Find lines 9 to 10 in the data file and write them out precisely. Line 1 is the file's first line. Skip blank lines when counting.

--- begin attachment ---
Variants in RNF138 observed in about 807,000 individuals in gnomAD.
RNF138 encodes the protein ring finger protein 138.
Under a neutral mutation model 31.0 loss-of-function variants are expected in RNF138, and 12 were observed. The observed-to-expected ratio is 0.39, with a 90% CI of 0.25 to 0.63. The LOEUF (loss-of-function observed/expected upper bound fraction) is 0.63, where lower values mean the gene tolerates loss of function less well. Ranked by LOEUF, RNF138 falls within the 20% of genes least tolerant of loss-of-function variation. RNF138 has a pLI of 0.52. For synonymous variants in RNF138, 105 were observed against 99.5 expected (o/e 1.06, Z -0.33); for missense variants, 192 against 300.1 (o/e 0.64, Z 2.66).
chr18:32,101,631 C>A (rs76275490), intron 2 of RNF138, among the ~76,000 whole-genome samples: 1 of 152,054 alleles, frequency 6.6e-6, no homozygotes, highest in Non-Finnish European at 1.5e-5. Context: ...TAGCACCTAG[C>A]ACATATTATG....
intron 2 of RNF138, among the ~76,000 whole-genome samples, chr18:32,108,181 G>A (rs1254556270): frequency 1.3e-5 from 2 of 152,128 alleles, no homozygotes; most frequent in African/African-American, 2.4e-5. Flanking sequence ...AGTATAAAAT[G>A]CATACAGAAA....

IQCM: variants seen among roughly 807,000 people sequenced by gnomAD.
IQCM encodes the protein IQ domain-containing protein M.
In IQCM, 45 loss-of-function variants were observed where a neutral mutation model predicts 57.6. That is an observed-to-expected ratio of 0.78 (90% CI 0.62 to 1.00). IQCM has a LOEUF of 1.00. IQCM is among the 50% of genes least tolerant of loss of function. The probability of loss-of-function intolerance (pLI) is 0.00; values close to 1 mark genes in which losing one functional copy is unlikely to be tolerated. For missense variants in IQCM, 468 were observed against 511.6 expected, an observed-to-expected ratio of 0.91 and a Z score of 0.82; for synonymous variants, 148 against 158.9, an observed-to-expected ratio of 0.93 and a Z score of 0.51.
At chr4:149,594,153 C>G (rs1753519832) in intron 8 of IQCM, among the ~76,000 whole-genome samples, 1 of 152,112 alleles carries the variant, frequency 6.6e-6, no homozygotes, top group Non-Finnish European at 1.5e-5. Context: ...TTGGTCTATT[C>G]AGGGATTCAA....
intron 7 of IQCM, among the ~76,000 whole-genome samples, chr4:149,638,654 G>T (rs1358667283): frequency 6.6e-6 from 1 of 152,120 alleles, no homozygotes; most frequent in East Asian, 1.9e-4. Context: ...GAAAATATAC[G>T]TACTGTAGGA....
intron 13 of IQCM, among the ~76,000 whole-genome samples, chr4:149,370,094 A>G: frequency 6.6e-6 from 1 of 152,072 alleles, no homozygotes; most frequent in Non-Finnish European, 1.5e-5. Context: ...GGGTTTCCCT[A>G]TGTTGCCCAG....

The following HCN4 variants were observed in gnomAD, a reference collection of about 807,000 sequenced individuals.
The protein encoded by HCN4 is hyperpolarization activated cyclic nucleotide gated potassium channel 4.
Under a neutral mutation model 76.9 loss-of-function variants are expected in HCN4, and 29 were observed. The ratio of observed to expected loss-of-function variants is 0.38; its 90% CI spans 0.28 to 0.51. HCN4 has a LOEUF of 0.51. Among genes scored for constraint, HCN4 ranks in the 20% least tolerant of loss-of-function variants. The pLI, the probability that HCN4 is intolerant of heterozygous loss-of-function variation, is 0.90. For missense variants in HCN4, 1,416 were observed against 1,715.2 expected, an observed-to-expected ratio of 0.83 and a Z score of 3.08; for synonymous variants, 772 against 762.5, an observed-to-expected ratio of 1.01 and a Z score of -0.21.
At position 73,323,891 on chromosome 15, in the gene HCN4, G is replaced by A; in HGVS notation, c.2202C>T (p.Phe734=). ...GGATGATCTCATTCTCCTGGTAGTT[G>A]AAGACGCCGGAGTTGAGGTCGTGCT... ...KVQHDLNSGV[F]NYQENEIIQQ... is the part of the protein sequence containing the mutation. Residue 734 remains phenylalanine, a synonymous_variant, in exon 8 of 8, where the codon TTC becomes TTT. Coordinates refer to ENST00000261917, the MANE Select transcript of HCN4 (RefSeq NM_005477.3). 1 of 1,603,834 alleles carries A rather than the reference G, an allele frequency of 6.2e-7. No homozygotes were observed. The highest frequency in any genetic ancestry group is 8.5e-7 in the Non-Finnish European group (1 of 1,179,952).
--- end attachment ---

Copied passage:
At chr4:149,594,153 C>G (rs1753519832) in intron 8 of IQCM, among the ~76,000 whole-genome samples, 1 of 152,112 alleles carries the variant, frequency 6.6e-6, no homozygotes, top group Non-Finnish European at 1.5e-5. Context: ...TTGGTCTATT[C>G]AGGGATTCAA....
intron 7 of IQCM, among the ~76,000 whole-genome samples, chr4:149,638,654 G>T (rs1358667283): frequency 6.6e-6 from 1 of 152,120 alleles, no homozygotes; most frequent in East Asian, 1.9e-4. Context: ...GAAAATATAC[G>T]TACTGTAGGA....